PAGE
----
I truly believe that the vast majority of criticism on hockey’s public statistical community are heavily overstated. The major users of statistical analysis understand that the numbers are imperfect and do not tell the whole story. In fact, they are usually the ones that have a better grasp of how much of the story is being told, since we can and actively do test the relationships are between two variables.
This is not to say that we are perfect in these areas. We are human and still fail. One area that is not discussed often enough, in my own opinion, is the how’s behind the results. An example of this can be seen with intangibles.
Now before you all start jumping on me, let me talk about intangibles and one that’s not discussed, even by the traditionalists not involved in the statistical community.
Statisticians and analysts heavily focus on the outputs, as the initial goal in analysis was to better measure a player’s impact and therefore strengthen opinions extending from the evaluation process.
This has shifted slightly lately, with more focus on neutral zone statistics and passing projects, with the returns on output research diminishing rapidly due to the limits within the currently public data. Still, most analysis is still on the outputs and not the inputs.
Now this isn’t completely backwards, as you need to have a good handle of outputs to help you sniff out how to weigh each individual input.
If this discussion of inputs and outputs is confusing you, there is an infographic made by my friend Mike to help out:
The desired result is winning the game by outscoring the opposition; however, a player is not always on the ice. So, we instead look at the individual outputs exclusively when the player is indeed playing, or how the team and/or linemates perform with the player on the ice versus away. The numbers here (whether goal differentials, shot differentials, point production, etc.) help paint a picture of the overall impact a player has. The inputs are merely a means to those outputs of outshooting and outscoring, where outscoring is the goal and outshooting is a byproduct.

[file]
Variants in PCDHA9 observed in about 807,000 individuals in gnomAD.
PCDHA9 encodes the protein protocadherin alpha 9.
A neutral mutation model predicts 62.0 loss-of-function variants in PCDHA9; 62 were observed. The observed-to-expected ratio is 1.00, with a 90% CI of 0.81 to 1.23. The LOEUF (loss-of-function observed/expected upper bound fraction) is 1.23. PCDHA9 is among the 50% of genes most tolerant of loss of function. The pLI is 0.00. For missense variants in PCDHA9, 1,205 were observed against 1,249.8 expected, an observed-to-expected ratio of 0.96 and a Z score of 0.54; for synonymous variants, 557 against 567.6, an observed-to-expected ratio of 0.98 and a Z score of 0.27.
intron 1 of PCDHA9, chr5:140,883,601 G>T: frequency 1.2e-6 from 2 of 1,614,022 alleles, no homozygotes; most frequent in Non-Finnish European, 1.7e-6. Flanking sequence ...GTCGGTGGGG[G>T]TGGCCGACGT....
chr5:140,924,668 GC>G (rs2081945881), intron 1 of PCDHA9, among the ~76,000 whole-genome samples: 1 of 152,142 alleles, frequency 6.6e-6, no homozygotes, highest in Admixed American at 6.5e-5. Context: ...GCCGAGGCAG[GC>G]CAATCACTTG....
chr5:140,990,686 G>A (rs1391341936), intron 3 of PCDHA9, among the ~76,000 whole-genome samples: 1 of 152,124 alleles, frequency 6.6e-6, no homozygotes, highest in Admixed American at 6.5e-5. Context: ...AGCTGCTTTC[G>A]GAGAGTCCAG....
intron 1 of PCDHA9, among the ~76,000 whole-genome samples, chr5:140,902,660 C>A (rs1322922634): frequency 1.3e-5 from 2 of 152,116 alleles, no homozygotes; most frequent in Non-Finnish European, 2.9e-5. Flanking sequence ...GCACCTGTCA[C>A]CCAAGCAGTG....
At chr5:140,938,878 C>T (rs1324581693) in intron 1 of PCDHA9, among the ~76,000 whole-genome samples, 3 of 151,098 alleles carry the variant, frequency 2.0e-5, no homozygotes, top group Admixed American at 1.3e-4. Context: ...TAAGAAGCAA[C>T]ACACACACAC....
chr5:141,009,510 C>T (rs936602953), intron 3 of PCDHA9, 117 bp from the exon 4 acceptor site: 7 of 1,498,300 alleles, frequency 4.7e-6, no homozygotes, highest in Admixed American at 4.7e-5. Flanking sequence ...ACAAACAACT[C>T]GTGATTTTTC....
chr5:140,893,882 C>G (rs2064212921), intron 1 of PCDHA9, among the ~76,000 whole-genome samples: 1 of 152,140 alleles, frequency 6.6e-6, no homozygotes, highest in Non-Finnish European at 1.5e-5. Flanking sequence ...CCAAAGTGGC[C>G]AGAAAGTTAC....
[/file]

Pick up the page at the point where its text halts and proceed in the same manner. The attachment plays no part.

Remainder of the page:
Being adept in any individual input, such as strength, skating, or effort, becomes inconsequential if the sum of the inputs adds-up to a inferior output. But, these inputs are still important as they help describe why a player contributes to the degree that they do.
In other words, there is no “X” level of grit or leadership or speed or size required to succeed. Instead, all these factors combine with different levels of impact to give an aggregate and singular whole value. None of these inputs exist as a separate entity from a player’s impact on the game.
This should make sense intuitively. For example: hard work can overcome natural skill, but it is the level of effort and skill combined that makes a team perform how they do, and any measure of performance contains both their effort and skill.